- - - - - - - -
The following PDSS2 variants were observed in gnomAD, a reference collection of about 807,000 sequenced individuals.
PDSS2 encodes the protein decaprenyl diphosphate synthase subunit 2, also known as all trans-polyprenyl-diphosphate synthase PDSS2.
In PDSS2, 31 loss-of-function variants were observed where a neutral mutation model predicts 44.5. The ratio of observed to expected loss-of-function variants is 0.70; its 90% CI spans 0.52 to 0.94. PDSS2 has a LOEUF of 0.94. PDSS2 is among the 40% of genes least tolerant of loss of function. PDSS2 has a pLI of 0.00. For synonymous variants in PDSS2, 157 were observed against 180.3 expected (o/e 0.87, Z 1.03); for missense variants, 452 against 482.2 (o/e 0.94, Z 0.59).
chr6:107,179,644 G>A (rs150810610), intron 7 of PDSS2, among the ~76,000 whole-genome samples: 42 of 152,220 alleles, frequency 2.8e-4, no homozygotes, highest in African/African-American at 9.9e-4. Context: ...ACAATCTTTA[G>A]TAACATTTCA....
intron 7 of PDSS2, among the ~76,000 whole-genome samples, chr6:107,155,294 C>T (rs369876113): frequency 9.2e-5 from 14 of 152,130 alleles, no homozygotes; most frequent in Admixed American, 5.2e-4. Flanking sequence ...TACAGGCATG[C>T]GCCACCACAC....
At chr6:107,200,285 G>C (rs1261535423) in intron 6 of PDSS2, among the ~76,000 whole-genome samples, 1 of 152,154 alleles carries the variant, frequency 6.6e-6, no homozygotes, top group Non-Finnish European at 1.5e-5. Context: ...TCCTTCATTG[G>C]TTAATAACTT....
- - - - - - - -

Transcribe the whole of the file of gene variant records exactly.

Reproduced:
The following PDSS2 variants were observed in gnomAD, a reference collection of about 807,000 sequenced individuals.
PDSS2 encodes the protein decaprenyl diphosphate synthase subunit 2, also known as all trans-polyprenyl-diphosphate synthase PDSS2.
In PDSS2, 31 loss-of-function variants were observed where a neutral mutation model predicts 44.5. The ratio of observed to expected loss-of-function variants is 0.70; its 90% CI spans 0.52 to 0.94. PDSS2 has a LOEUF of 0.94. PDSS2 is among the 40% of genes least tolerant of loss of function. PDSS2 has a pLI of 0.00. For synonymous variants in PDSS2, 157 were observed against 180.3 expected (o/e 0.87, Z 1.03); for missense variants, 452 against 482.2 (o/e 0.94, Z 0.59).
chr6:107,179,644 G>A (rs150810610), intron 7 of PDSS2, among the ~76,000 whole-genome samples: 42 of 152,220 alleles, frequency 2.8e-4, no homozygotes, highest in African/African-American at 9.9e-4. Context: ...ACAATCTTTA[G>A]TAACATTTCA....
intron 7 of PDSS2, among the ~76,000 whole-genome samples, chr6:107,155,294 C>T (rs369876113): frequency 9.2e-5 from 14 of 152,130 alleles, no homozygotes; most frequent in Admixed American, 5.2e-4. Flanking sequence ...TACAGGCATG[C>T]GCCACCACAC....
At chr6:107,200,285 G>C (rs1261535423) in intron 6 of PDSS2, among the ~76,000 whole-genome samples, 1 of 152,154 alleles carries the variant, frequency 6.6e-6, no homozygotes, top group Non-Finnish European at 1.5e-5. Context: ...TCCTTCATTG[G>C]TTAATAACTT....